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A.Word.A.Daywith Anu Garg
1. Full; complete; absolute.
2. Having all members of a meeting in attendance.
ETYMOLOGY:From Latin plenarius (fully attended, complete), from plenus (full). Earliest documented use: 1425.
USAGE:"Mr. Kadirgamar said the rebels' demand for plenary powers in the northeast would lead to an 'erosion of powers' of the Sri Lankan Government."
V.S. Sambandan; Chandrika Declares Short-term Emergency; The Hindu (Chennai, India); Nov 6, 2003.
"Inigo de Oriol had presented his resignation but it had yet to be accepted as the meeting was not a plenary session."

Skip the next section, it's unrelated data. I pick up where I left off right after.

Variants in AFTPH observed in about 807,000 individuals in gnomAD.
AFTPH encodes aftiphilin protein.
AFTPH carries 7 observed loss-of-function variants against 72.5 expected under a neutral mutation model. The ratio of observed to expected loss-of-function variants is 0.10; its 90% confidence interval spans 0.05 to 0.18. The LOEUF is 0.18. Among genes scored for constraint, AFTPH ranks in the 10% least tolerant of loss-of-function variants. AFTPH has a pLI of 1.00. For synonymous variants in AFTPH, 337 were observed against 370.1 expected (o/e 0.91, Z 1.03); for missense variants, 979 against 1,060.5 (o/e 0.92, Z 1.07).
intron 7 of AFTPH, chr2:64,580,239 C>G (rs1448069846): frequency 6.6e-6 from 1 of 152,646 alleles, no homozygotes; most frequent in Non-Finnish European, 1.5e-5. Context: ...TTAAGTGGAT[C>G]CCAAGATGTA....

Fallout from Spanish Energy Takeover; Agence France Presse (Paris, France); Sep 14, 2005.
Explore "plenary" in the Visual Thesaurus.
A THOUGHT FOR TODAY:If you want to build a ship, don't drum up people together to collect wood and don't assign them tasks and work, but rather teach them to long for the endless immensity of the sea. -Antoine de Saint-Exupery, author and aviator (1900-1944)
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